Since the conference has been widely reported on, even in Hye Sharzhoom, I wish only to relate that aspect of it that was the most interesting to me. At first I thought, some of these students could present papers on Saroyan as good as those of the professors being invited so why not extend the conference one day to have a student session? Class participation was optional and extra credit. Five students (all upper division English majors) were willing to try it. Eventually, only two stuck it out, Michael Kovacs and Michael Kloster, but they were joined by a third student, Micah Jendian from San Diego State, who had taken my Saroyan course in Fresno. In the end, I judged it would be segregation to put the three on a separate student panel and insisted that their papers be integrated into regular sessions of the conference.
Certainly this was one of the most positive experiences during my Berkeley stay. All the students were behind their classmates, who, apprehensive about being on the same platform with the very experts whose books they were quoting, wrote and rewrote their essays. They had a dry run in class with heavy questioning and criticism. I assured them continually that the work they were doing was as good as the experts and that the level of their own preparation would be on a par with that of the scholars present. In fact the three students, two undergraduates from Berkeley and one graduate from San Diego, gave what were recognized by everyone as three of the best papers in the conference. A member of Berkeley’s own English Department also read a paper on Saroyan and the conference raised the conscience of English literature specialists, especially a new crop of them, toward the merits of Saroyan’s craft.
The experience in the film course was somewhat different, but equally surprising. A weekly showing and lecture in a large audio visual auditorium on Monday nights attracted 40 to 50 students, including in this course a large number of Armenian community auditors. The regular students were almost all film majors, 15 out of 25, only five of them Armenians. Obviously, film majors just look at movies differently than non- film majors. Thus, when discussing a film like Queen Christina directed by Rouben Mamoulian and starring Greta Garbo, they found Armenian connections that I never saw myself in the direction. Mamoulian never made a single film with Armenian content in it, yet the non-Armenian students especially continued to develop themes that turned around exile and Diaspora. This happened time and again with other films.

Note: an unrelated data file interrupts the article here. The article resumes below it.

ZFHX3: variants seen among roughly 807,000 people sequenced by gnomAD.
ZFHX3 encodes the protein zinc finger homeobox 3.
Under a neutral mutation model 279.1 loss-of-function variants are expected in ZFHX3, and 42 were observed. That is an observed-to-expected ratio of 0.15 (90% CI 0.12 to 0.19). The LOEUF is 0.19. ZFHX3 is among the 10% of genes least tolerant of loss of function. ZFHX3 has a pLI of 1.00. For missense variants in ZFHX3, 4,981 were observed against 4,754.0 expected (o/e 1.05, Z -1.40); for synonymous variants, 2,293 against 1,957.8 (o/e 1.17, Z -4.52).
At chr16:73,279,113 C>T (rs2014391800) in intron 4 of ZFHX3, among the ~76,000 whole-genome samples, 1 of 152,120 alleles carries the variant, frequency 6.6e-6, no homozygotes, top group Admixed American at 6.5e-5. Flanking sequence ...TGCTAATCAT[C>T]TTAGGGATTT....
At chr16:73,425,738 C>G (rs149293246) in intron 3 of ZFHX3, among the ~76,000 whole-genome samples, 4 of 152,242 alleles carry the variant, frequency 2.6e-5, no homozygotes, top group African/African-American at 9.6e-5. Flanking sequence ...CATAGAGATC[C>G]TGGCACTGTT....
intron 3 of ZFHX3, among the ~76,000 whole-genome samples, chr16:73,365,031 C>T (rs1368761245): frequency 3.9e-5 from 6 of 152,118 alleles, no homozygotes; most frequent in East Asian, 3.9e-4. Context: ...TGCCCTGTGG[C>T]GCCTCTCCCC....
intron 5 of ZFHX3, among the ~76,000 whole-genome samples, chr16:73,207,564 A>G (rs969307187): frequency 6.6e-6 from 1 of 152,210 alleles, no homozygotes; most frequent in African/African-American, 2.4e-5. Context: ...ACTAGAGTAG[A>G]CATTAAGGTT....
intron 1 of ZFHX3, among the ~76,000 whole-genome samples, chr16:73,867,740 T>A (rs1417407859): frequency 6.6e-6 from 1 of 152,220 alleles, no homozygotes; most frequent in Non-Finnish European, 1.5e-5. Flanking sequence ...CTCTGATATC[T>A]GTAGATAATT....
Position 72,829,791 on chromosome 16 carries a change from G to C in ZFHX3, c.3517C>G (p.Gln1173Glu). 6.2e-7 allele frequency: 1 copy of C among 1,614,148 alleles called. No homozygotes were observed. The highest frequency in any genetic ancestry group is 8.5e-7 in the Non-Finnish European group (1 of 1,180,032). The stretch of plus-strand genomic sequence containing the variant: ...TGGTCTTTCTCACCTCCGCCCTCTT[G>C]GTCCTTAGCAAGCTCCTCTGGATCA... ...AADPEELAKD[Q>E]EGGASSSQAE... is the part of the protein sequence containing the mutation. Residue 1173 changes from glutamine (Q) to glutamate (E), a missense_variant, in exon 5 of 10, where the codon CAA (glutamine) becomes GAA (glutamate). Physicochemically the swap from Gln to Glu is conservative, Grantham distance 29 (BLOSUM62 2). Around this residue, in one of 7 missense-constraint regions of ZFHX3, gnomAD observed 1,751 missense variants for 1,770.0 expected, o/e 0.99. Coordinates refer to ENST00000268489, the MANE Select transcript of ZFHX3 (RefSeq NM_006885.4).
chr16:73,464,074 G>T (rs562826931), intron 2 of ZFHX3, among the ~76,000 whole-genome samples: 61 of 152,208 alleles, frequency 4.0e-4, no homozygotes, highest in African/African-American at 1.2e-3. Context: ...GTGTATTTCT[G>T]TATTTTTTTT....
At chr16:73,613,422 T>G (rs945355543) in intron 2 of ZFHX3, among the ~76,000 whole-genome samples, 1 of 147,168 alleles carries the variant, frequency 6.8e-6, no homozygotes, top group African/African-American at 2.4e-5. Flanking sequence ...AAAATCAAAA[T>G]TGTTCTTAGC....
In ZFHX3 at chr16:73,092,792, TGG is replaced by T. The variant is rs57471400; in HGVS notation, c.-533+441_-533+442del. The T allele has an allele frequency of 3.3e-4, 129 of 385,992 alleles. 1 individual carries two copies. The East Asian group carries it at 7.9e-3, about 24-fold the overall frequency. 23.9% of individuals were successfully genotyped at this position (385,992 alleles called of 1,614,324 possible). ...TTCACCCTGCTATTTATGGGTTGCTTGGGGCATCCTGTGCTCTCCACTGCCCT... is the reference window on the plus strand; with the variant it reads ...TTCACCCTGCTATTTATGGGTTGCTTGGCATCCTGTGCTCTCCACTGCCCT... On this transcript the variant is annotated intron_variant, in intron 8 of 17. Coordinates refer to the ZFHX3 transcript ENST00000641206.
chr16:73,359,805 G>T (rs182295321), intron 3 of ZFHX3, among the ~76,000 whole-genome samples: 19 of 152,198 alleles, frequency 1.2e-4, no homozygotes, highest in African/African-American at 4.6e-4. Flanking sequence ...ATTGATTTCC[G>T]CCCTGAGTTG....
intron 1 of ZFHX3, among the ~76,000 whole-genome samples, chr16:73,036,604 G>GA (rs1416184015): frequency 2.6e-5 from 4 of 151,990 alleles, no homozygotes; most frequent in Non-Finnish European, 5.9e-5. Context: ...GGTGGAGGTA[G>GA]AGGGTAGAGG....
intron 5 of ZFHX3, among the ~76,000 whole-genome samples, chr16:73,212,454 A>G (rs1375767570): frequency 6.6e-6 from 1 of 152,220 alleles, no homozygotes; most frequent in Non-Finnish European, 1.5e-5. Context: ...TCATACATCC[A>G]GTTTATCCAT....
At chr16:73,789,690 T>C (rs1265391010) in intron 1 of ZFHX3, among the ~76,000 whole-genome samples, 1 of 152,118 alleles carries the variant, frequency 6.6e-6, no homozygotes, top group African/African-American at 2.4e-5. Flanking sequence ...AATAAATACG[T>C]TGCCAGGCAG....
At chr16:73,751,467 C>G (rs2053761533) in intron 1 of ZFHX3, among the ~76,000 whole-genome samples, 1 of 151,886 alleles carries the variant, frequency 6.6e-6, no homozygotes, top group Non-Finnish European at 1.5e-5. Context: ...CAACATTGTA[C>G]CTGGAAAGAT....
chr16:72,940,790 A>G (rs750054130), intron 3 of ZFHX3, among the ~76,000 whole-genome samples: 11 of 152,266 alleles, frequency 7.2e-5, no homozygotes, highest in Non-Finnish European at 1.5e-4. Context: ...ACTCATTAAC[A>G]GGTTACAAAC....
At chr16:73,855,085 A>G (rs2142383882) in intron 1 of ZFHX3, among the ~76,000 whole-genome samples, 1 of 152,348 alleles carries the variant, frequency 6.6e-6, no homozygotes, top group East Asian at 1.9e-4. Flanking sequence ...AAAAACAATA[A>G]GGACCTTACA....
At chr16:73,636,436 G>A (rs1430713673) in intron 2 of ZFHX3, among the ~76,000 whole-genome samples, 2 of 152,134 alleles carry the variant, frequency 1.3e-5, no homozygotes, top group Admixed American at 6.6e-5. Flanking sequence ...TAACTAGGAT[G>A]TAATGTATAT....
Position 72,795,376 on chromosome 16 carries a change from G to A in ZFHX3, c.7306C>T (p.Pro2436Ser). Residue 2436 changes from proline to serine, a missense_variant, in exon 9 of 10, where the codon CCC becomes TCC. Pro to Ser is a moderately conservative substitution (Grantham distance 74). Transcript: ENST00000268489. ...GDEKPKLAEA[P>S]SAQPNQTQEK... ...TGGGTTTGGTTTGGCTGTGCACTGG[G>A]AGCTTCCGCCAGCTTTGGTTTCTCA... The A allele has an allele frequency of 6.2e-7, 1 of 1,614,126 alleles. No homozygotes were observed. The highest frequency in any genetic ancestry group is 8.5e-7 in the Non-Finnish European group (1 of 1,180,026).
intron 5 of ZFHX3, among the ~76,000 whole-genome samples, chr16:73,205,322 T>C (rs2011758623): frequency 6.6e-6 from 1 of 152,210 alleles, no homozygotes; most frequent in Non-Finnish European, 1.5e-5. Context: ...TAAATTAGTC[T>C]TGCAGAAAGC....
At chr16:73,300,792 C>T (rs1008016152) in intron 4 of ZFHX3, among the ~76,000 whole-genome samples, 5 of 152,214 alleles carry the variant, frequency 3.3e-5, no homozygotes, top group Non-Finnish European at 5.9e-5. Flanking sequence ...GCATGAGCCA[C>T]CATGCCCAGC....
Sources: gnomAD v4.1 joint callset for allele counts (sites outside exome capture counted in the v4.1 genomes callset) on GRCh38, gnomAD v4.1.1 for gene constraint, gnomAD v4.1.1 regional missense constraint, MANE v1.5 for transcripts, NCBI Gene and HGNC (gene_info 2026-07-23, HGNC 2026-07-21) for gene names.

On the other hand, some Armenian auditors always wanted to turn discussion of Armenian language films or even films by Atom Egoyan or William Saroyan toward its Armenian nationalist content; thus, on more than one occasion I was forced to move the post-discussion toward the cinematographic qualities of a film. In a film course with determined film majors the quality of filming, scripting, acting, and overall cohesiveness is primary, and political or national messages secondary. The auditors hopefully learned something from the extraordinary input of young film specialists who had never previously seen a film by or about Armenians.
Ultimately the most valuable part of such a teaching experience is to once again leave your home institution, your own students, to see how things are done elsewhere. It affords new perspectives and fires one up with new energies.
In mid-December I discovered I had a fifth mailbox in the Program on undergraduate studies, and even though I found my first three pay vouchers two months late in my fourth mailbox, I just didn’t have the courage to go across campus to empty one more. Who knows what I missed?